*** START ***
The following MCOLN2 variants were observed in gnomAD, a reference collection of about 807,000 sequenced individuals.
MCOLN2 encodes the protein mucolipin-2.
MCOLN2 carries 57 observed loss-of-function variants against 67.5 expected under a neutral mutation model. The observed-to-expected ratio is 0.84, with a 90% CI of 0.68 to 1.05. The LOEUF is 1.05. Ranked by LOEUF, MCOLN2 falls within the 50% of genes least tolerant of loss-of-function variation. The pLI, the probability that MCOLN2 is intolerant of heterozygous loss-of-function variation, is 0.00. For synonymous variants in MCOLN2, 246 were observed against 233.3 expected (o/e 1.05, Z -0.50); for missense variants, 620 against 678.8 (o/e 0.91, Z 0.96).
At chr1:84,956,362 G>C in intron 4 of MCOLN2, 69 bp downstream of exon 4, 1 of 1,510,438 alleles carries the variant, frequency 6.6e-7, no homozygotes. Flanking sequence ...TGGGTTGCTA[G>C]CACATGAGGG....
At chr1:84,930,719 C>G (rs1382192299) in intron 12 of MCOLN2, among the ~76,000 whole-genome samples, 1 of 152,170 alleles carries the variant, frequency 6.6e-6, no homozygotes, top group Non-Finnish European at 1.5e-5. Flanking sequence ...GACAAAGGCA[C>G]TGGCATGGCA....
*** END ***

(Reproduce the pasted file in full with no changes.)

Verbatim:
The following MCOLN2 variants were observed in gnomAD, a reference collection of about 807,000 sequenced individuals.
MCOLN2 encodes the protein mucolipin-2.
MCOLN2 carries 57 observed loss-of-function variants against 67.5 expected under a neutral mutation model. The observed-to-expected ratio is 0.84, with a 90% CI of 0.68 to 1.05. The LOEUF is 1.05. Ranked by LOEUF, MCOLN2 falls within the 50% of genes least tolerant of loss-of-function variation. The pLI, the probability that MCOLN2 is intolerant of heterozygous loss-of-function variation, is 0.00. For synonymous variants in MCOLN2, 246 were observed against 233.3 expected (o/e 1.05, Z -0.50); for missense variants, 620 against 678.8 (o/e 0.91, Z 0.96).
At chr1:84,956,362 G>C in intron 4 of MCOLN2, 69 bp downstream of exon 4, 1 of 1,510,438 alleles carries the variant, frequency 6.6e-7, no homozygotes. Flanking sequence ...TGGGTTGCTA[G>C]CACATGAGGG....
At chr1:84,930,719 C>G (rs1382192299) in intron 12 of MCOLN2, among the ~76,000 whole-genome samples, 1 of 152,170 alleles carries the variant, frequency 6.6e-6, no homozygotes, top group Non-Finnish European at 1.5e-5. Flanking sequence ...GACAAAGGCA[C>G]TGGCATGGCA....